Hobby or Business? Why It Matters

Millions of Americans have hobbies such as sewing, woodworking, fishing, gardening, stamp and coin collecting, but when that hobby starts to turn a profit, it might just be considered a business by the IRS.

Definition of a Hobby vs. a Business

The IRS defines a hobby as an activity that is not pursued for profit. A business, on the other hand, is an activity that is carried out with the reasonable expectation of earning a profit.

The tax considerations are different for each activity, so it’s important for taxpayers to determine whether an activity is engaged in for profit as a business or is just a hobby for personal enjoyment.

Of course, you must report and pay tax on income from almost all sources, including hobbies. But when it comes to deductions such as expenses and losses, the two activities differ in their tax implications. Continue reading

Minimizing Tax on Mutual Fund Activities

Tax law generally treats mutual fund shareholders as if they directly owned a proportionate share of the fund’s portfolio of securities and you must report as income any mutual fund distributions, whether or not they are reinvested. Thus, all dividends and interest from securities in the portfolio, as well as any capital gains from the sales of securities, are taxed to the shareholders.

Whether you’re new to mutual funds or a seasoned investor who wants to learn more, these tips will help you avoid the tax bite on mutual fund investments. Continue reading

Tax Implications of Crowdfunding

Crowdfunding websites such as Kickstarter, GoFundMe, Indiegogo, and Lending Club have become increasingly popular for both individual fundraising and small business owners looking for start-up capital or funding for creative ventures. The upside is that it’s often possible to raise the cash you need, but the downside is that the IRS might consider that money taxable income. Here’s what you need to know.

Continue reading

Tax Breaks for Hiring New Employees

If you’re thinking about hiring new employees this year, you won’t want to miss out on these tax breaks.

1. Work Opportunity Credit

The Work Opportunity Tax Credit (WOTC) is a federal tax credit for employers that hire employees from the following targeted groups of individuals:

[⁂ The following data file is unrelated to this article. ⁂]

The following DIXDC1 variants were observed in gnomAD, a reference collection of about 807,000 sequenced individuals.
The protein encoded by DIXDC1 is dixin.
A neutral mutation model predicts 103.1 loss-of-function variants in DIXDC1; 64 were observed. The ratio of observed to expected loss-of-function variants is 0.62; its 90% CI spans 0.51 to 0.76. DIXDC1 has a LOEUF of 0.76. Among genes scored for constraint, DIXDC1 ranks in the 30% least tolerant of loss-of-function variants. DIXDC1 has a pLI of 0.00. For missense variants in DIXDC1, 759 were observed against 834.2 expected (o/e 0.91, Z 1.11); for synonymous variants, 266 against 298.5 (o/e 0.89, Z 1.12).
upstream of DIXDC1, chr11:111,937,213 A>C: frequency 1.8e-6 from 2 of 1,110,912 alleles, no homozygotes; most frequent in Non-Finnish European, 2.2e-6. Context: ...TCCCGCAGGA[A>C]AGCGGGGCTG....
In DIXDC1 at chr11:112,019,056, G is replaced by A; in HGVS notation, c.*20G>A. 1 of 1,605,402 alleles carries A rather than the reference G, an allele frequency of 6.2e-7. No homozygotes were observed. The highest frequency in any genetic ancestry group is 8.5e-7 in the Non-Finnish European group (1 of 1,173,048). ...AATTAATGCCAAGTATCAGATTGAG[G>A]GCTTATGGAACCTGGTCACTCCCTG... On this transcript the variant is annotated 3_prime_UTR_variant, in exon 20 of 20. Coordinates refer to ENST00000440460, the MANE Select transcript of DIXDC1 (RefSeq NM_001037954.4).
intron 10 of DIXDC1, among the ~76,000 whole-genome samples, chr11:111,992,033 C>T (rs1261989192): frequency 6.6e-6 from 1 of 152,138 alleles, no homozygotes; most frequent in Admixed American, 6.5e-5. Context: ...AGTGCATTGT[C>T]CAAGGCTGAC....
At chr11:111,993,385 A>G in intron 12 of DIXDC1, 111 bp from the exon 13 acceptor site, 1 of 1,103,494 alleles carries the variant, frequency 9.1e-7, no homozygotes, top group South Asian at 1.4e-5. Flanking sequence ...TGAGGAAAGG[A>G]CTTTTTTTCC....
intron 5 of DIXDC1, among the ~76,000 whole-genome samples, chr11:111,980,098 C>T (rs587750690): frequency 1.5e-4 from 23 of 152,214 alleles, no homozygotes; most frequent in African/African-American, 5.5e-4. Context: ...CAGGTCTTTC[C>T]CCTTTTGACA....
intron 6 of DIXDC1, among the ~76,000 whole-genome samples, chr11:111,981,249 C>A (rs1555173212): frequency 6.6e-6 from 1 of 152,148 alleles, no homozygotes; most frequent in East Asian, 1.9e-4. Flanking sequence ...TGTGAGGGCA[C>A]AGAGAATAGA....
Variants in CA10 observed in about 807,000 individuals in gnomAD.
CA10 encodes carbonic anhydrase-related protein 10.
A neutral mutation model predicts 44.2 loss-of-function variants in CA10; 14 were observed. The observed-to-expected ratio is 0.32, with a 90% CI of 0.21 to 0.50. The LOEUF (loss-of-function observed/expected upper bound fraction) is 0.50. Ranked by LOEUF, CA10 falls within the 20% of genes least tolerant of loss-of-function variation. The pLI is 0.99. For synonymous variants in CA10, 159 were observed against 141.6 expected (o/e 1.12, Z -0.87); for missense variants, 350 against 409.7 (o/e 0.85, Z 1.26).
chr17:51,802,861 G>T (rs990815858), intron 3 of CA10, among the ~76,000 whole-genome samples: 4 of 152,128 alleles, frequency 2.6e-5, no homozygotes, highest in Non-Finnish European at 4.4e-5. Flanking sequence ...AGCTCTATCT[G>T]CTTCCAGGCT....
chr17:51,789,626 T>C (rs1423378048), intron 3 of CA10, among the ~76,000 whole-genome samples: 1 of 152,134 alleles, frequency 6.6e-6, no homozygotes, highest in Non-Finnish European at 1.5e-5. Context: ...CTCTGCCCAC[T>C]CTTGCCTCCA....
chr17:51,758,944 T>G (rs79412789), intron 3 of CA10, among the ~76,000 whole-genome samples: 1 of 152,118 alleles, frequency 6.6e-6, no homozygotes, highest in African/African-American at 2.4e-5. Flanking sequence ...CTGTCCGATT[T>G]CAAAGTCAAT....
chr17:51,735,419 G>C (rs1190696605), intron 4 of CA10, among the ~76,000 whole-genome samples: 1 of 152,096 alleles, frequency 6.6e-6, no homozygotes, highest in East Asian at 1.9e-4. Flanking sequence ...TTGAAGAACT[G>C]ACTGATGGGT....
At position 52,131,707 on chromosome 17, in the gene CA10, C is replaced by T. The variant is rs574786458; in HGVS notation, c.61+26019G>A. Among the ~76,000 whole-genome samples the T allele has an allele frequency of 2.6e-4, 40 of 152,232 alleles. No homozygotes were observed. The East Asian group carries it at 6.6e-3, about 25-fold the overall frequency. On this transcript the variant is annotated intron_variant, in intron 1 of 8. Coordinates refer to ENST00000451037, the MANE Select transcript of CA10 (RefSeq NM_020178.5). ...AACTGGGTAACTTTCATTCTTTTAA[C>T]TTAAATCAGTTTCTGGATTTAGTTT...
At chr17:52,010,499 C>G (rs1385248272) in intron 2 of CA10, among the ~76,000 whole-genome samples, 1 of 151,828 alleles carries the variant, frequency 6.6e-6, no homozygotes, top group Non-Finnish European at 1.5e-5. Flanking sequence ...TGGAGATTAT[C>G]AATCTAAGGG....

• A member of a family that is a Qualified Food Stamp Recipient
  • A member of a family that is a Qualified Aid to Families with Dependent Children (AFDC) Recipient
  • Qualified Veterans
  • Qualified Ex-Felons, Pardoned, Paroled or Work Release Individuals
  • Vocational Rehabilitation Referrals
  • Qualified Summer Youths
  • Qualified Supplemental Security Income (SSI) Recipients
  • Qualified Individuals living within an Empowerment Zone or Rural Renewal Community
  • Long Term Family Assistance Recipient (TANF) (formerly known as Welfare to Work)

The tax credit (a maximum of $9,600) is taken as a general business credit on Form 3800 and is applied against tax liability on business income. It is limited to the amount of the business income tax liability or social security tax owed. Normal carry-back and carry-forward rules apply.

For qualified tax-exempt organizations, the credit is limited to the amount of employer social security tax owed on wages paid to all employees for the period the credit is claimed.

Also, an employer must obtain certification that an individual is a member of the targeted group before the employer may claim the credit. Continue reading

Defer Capital Gains using Like-Kind Exchanges

If you’re a savvy investor, you probably know that you must generally report as income any mutual fund distributions whether you reinvest them or exchange shares in one fund for shares of another. In other words, you must report and pay any capital gains tax owed.

But if real estate’s your game, did you know that it’s possible to defer capital gains by taking advantage of a tax break that allows you to swap investment property on a tax-deferred basis? Continue reading

IRS Impersonation Scam Updates

Taxpayers should be aware of the most recent scam linked to the Electronic Federal Tax Payment System (EFTPS), where fraudsters call to demand an immediate tax payment through a prepaid debit card.